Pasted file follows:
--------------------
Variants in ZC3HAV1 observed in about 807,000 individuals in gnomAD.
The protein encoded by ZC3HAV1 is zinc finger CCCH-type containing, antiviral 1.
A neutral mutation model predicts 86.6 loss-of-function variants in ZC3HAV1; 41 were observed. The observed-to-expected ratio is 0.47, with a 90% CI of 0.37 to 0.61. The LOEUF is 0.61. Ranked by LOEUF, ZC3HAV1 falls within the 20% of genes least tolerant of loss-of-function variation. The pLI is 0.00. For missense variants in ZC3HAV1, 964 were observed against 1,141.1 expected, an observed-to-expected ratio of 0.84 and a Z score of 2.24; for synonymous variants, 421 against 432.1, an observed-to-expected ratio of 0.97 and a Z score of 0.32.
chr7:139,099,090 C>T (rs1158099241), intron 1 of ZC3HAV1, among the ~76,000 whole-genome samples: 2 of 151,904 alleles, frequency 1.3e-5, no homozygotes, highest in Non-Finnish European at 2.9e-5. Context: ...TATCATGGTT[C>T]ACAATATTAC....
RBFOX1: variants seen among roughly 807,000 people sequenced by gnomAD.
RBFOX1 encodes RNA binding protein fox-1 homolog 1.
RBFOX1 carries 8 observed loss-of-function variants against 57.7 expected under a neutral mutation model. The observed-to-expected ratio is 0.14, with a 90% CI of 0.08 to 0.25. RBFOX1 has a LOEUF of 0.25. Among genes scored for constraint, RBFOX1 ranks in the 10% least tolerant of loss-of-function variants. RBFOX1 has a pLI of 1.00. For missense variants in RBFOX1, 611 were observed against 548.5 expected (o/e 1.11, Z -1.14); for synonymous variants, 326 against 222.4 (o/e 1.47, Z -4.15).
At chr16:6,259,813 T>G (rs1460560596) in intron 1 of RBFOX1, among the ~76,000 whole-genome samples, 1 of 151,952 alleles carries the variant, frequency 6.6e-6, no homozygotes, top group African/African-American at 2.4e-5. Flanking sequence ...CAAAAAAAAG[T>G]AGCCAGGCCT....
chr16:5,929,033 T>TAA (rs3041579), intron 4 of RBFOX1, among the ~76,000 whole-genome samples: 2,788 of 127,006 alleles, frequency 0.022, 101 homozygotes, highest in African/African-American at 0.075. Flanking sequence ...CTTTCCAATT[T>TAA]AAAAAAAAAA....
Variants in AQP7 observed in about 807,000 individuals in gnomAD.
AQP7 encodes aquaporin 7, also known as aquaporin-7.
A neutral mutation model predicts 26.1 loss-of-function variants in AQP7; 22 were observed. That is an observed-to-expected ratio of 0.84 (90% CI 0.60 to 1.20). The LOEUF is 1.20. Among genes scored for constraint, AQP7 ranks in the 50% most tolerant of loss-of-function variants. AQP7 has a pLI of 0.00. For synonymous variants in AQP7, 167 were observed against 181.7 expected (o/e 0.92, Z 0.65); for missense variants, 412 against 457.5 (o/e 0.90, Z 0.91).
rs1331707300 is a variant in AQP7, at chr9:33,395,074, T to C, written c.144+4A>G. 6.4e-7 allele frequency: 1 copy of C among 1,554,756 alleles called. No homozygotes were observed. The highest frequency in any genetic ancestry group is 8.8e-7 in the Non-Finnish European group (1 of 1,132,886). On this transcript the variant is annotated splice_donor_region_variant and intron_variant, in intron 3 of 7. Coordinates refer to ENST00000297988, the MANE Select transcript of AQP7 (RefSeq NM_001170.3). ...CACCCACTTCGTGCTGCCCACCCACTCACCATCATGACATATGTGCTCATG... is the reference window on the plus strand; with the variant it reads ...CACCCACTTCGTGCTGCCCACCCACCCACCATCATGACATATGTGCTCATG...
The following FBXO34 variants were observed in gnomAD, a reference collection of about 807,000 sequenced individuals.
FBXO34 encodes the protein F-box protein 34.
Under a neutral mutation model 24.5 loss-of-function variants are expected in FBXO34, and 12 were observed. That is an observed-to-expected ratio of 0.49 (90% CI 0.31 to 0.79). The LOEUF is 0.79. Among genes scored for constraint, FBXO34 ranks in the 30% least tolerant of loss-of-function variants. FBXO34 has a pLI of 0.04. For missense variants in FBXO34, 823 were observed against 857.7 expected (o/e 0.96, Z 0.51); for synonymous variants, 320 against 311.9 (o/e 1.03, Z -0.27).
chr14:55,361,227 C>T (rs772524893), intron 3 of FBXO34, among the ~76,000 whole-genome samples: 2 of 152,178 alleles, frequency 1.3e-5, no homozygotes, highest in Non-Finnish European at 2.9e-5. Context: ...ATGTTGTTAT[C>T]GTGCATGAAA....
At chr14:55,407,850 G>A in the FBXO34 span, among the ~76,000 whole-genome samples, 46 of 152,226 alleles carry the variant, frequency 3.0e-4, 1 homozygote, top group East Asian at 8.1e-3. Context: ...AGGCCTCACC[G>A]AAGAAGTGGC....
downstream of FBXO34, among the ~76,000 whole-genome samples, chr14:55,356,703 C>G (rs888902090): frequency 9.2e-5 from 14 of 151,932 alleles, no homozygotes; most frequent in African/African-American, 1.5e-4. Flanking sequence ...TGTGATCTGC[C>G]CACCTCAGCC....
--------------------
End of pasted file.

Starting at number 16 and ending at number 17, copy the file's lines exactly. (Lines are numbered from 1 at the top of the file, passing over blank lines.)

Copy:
Under a neutral mutation model 24.5 loss-of-function variants are expected in FBXO34, and 12 were observed. That is an observed-to-expected ratio of 0.49 (90% CI 0.31 to 0.79). The LOEUF is 0.79. Among genes scored for constraint, FBXO34 ranks in the 30% least tolerant of loss-of-function variants. FBXO34 has a pLI of 0.04. For missense variants in FBXO34, 823 were observed against 857.7 expected (o/e 0.96, Z 0.51); for synonymous variants, 320 against 311.9 (o/e 1.03, Z -0.27).
chr14:55,361,227 C>T (rs772524893), intron 3 of FBXO34, among the ~76,000 whole-genome samples: 2 of 152,178 alleles, frequency 1.3e-5, no homozygotes, highest in Non-Finnish European at 2.9e-5. Context: ...ATGTTGTTAT[C>T]GTGCATGAAA....